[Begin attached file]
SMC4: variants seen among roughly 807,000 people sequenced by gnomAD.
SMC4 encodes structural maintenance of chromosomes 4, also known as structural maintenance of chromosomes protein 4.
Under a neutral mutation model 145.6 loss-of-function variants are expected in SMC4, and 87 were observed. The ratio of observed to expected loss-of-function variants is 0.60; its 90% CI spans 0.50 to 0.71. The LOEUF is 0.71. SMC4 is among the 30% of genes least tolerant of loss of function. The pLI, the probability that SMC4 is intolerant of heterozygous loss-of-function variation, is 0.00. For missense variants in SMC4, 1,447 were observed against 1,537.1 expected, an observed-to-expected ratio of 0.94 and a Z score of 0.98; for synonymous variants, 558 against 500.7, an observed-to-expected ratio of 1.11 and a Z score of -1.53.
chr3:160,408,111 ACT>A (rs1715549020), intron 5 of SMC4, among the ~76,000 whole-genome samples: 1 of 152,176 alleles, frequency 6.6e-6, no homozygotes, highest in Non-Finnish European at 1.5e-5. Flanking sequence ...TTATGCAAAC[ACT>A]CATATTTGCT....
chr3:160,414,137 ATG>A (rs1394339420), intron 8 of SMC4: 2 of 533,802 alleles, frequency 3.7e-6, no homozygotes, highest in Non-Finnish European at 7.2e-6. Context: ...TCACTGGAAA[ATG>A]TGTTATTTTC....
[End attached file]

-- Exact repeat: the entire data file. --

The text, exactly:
SMC4: variants seen among roughly 807,000 people sequenced by gnomAD.
SMC4 encodes structural maintenance of chromosomes 4, also known as structural maintenance of chromosomes protein 4.
Under a neutral mutation model 145.6 loss-of-function variants are expected in SMC4, and 87 were observed. The ratio of observed to expected loss-of-function variants is 0.60; its 90% CI spans 0.50 to 0.71. The LOEUF is 0.71. SMC4 is among the 30% of genes least tolerant of loss of function. The pLI, the probability that SMC4 is intolerant of heterozygous loss-of-function variation, is 0.00. For missense variants in SMC4, 1,447 were observed against 1,537.1 expected, an observed-to-expected ratio of 0.94 and a Z score of 0.98; for synonymous variants, 558 against 500.7, an observed-to-expected ratio of 1.11 and a Z score of -1.53.
chr3:160,408,111 ACT>A (rs1715549020), intron 5 of SMC4, among the ~76,000 whole-genome samples: 1 of 152,176 alleles, frequency 6.6e-6, no homozygotes, highest in Non-Finnish European at 1.5e-5. Flanking sequence ...TTATGCAAAC[ACT>A]CATATTTGCT....
chr3:160,414,137 ATG>A (rs1394339420), intron 8 of SMC4: 2 of 533,802 alleles, frequency 3.7e-6, no homozygotes, highest in Non-Finnish European at 7.2e-6. Context: ...TCACTGGAAA[ATG>A]TGTTATTTTC....